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Social relationships work because there is a mutual knowledge of certain elements like status and age, that require different degrees of politeness.
The way we express politeness and formality in Italian is clearly marked by the use of tu and lei. Being able to discern when it is appropriate to use one or the other will speak for you, will give an impression of who you are and how you can engage with other people. It is your politeness business card.
It is not always easy to decide what’s the best form to use and many Italians have their personal way of looking at this, but I have outlined a few general examples that can help you make a more conscious choice, dare del tu or dare del lei?
When to use tu
Tu is the informal way of talking to people in Italian (dare del tu). It is translated with “you”, second person, singular. Grammar-wise, you just need to remember to use the correct verb form and that’s basically it. The only thing to keep in mind is that it is not always necessary to say and write the pronoun in Italian, but if you want to put more emphasis on who is doing the action, then keep the pronoun. Here is an example:
Vai a comprare il pane?
Are you going to buy bread?
Vai tu a comprare il pane?
Are you going to buy bread? Not me, or anyone else?
The first sentence could go on like this:
vai a comprare il pane? Prendi anche mezzo chilo integrale > are you going to buy bread? Get half a kilo of whole wheat, too.
In this case we take for granted that the person we are talking to is going to do the action.
The second sentence could go on like this:
vai tu a comprare il pane? Io sto preparando il pranzo e tua sorella è ancora a scuola > are you going to buy bread? I am preparing lunch and your sister is still at school.
In this case we are both asking and implying, at the same time, that you are the one who is going to do the action.
Now let’s use the same example to fit our purpose. If you happen to listen to a conversation like this in real life, you probably have all the elements to understand the use of tu, because you already know how the speakers are related. The same goes if you read the sentences in a book or any other piece that has a context you already know.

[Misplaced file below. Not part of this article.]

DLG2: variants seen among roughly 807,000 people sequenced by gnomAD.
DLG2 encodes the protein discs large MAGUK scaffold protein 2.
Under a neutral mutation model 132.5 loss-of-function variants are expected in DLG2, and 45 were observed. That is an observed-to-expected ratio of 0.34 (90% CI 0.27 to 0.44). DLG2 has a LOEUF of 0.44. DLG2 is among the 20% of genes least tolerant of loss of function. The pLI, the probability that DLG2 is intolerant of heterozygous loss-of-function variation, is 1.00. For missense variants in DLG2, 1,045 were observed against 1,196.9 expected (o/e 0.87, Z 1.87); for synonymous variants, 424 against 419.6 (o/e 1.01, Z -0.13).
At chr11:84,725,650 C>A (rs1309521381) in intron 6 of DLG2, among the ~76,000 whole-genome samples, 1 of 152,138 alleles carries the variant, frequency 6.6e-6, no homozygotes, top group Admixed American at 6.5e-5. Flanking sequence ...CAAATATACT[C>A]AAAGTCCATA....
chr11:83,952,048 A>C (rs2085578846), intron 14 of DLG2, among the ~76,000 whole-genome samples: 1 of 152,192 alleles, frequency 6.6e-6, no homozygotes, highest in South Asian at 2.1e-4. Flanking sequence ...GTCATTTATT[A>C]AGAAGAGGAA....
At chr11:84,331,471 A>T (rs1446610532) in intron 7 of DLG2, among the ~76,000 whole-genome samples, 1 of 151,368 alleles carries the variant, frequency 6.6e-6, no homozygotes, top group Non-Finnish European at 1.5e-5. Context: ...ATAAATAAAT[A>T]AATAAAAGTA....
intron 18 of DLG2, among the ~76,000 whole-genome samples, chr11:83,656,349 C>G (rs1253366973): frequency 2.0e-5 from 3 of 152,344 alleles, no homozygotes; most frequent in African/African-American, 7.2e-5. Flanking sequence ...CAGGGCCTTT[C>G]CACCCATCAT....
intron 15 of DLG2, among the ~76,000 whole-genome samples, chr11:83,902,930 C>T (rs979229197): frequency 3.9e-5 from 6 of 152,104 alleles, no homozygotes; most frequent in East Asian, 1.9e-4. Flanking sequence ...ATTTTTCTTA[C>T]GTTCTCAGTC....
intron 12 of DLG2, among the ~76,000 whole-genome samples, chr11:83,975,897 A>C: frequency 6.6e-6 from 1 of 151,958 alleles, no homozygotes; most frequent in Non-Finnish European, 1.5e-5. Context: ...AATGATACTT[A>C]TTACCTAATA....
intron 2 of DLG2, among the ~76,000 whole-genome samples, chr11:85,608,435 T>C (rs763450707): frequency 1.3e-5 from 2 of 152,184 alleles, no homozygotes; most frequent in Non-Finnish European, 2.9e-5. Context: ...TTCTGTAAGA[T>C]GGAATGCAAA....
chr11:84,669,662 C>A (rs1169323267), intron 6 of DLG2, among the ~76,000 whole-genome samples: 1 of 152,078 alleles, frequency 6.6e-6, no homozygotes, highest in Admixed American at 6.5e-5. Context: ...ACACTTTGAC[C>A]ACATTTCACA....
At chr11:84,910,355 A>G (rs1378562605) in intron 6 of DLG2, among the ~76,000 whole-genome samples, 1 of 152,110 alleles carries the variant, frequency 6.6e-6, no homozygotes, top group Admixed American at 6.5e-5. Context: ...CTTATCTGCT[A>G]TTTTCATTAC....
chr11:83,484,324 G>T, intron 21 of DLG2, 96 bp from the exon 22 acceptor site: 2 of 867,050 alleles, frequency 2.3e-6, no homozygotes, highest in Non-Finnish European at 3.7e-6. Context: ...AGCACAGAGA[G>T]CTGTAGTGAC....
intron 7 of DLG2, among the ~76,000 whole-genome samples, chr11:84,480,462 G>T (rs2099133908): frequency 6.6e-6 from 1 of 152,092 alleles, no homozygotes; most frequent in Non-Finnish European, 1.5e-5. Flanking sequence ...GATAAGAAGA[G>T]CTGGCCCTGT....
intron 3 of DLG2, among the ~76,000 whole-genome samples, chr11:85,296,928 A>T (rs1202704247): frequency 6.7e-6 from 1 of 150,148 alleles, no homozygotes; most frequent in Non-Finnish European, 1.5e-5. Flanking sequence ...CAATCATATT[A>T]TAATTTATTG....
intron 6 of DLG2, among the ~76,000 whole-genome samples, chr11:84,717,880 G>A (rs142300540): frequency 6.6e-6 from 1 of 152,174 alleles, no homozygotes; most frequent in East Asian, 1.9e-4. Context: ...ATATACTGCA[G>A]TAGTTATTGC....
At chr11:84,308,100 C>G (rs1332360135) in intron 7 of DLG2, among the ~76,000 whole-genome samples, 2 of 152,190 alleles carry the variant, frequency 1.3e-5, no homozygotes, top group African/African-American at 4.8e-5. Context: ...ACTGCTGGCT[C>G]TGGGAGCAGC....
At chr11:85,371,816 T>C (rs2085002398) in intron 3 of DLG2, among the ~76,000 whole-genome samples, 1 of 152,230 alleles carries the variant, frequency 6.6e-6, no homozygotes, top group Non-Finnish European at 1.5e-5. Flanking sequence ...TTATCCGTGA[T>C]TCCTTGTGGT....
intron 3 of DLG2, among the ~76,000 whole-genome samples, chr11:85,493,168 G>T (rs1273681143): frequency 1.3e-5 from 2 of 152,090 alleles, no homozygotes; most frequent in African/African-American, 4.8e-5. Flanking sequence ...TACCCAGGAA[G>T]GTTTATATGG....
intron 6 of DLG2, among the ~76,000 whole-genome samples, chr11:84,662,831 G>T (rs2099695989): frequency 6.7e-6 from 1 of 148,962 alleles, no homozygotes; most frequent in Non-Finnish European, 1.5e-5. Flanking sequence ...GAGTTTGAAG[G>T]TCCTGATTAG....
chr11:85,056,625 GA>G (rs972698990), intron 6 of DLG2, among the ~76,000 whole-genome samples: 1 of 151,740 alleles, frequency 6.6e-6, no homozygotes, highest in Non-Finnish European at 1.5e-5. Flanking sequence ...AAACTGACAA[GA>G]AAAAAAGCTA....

So from a general situation you are able to draw a conclusion: the relationship between the two speakers is a very close one, they are relatives or friends, so they use tu.
This is the first general rule of tu/lei: with relatives, friends, people you know well, use tu.
There are more social circumstances where you can use tu even if you don’t know the other person, for example when you go to shops with a very informal atmosphere (I’m thinking H&M vs Ferragamo boutique), or pubs, cafes, restaurants that are very friendly and familiar (here I would say Starbucks and your fav pizzeria vs Massimo Bottura’s Osteria Francescana, that has 3 Michelin stars).
At work, you will use tu with your colleagues, especially if you are at the same level. If you are friends with a supervisor or a colleague in a higher position, of course you can use tu, but it would be more appropriate to switch to lei when there are other colleagues.
The use of tu has now been extended to areas/situations where lei was used, for example at school, elementary/primary level, students use tu with their teachers. This is less common in high school, though it really depends on the single teachers.
when to use lei
Lei is the formal and most respectful way to talk to seniors and in general to people older than you. Even if you get to know the person more over time, it is still a good practice to continuing to use the lei, it doesn’t add distance, you can actually be very close but talk more formally.
At work there are many situations where the lei is compulsory: the higher the position in the company, the more likely you are to give a negative impression if you use tu. Needless to say, if you are doing a job interview, never use the tu, even if the interviewer is younger than you. Nothing says “unfit for the job” more than not being able to understand that an interview requires a high degree of formality.
From the point of view of new learners, who do not make the distinction between formal and informal you in their native language, it seems the issue has little relevance.
On the contrary, from the point of view of native speakers, it says a lot about your level of politeness and your knowledge of social etiquette. So if you want to have good social relationships, take a moment to think about who you are talking to and in which situation you are acting and decide if it’s ok to use tu or lei.